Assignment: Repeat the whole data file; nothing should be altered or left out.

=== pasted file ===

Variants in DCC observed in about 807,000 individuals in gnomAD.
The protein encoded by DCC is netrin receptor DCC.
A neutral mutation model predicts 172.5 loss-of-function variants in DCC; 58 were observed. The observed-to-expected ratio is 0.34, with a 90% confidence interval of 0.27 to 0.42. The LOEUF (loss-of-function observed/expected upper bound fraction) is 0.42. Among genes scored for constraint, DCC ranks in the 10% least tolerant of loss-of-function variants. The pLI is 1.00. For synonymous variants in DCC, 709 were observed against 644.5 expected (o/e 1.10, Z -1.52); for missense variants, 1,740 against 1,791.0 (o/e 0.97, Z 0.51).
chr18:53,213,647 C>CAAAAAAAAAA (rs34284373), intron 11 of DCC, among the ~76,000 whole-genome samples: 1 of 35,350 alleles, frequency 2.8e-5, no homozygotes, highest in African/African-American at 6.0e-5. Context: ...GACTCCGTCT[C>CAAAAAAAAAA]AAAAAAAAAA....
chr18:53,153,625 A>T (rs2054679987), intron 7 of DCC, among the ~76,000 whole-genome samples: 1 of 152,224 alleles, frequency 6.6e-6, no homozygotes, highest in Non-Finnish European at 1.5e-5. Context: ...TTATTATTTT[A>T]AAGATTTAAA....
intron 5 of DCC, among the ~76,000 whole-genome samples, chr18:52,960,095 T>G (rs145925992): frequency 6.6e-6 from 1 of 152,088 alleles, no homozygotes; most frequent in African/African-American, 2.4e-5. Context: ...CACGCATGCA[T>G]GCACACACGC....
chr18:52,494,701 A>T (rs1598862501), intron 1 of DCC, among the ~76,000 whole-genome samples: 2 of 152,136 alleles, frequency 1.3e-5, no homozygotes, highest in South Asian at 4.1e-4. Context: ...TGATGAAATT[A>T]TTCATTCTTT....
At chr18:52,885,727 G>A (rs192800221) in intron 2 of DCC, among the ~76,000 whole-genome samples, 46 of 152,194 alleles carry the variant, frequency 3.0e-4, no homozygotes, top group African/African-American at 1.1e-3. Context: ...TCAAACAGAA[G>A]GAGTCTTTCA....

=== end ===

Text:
Variants in DCC observed in about 807,000 individuals in gnomAD.
The protein encoded by DCC is netrin receptor DCC.
A neutral mutation model predicts 172.5 loss-of-function variants in DCC; 58 were observed. The observed-to-expected ratio is 0.34, with a 90% confidence interval of 0.27 to 0.42. The LOEUF (loss-of-function observed/expected upper bound fraction) is 0.42. Among genes scored for constraint, DCC ranks in the 10% least tolerant of loss-of-function variants. The pLI is 1.00. For synonymous variants in DCC, 709 were observed against 644.5 expected (o/e 1.10, Z -1.52); for missense variants, 1,740 against 1,791.0 (o/e 0.97, Z 0.51).
chr18:53,213,647 C>CAAAAAAAAAA (rs34284373), intron 11 of DCC, among the ~76,000 whole-genome samples: 1 of 35,350 alleles, frequency 2.8e-5, no homozygotes, highest in African/African-American at 6.0e-5. Context: ...GACTCCGTCT[C>CAAAAAAAAAA]AAAAAAAAAA....
chr18:53,153,625 A>T (rs2054679987), intron 7 of DCC, among the ~76,000 whole-genome samples: 1 of 152,224 alleles, frequency 6.6e-6, no homozygotes, highest in Non-Finnish European at 1.5e-5. Context: ...TTATTATTTT[A>T]AAGATTTAAA....
intron 5 of DCC, among the ~76,000 whole-genome samples, chr18:52,960,095 T>G (rs145925992): frequency 6.6e-6 from 1 of 152,088 alleles, no homozygotes; most frequent in African/African-American, 2.4e-5. Context: ...CACGCATGCA[T>G]GCACACACGC....
chr18:52,494,701 A>T (rs1598862501), intron 1 of DCC, among the ~76,000 whole-genome samples: 2 of 152,136 alleles, frequency 1.3e-5, no homozygotes, highest in South Asian at 4.1e-4. Context: ...TGATGAAATT[A>T]TTCATTCTTT....
At chr18:52,885,727 G>A (rs192800221) in intron 2 of DCC, among the ~76,000 whole-genome samples, 46 of 152,194 alleles carry the variant, frequency 3.0e-4, no homozygotes, top group African/African-American at 1.1e-3. Context: ...TCAAACAGAA[G>A]GAGTCTTTCA....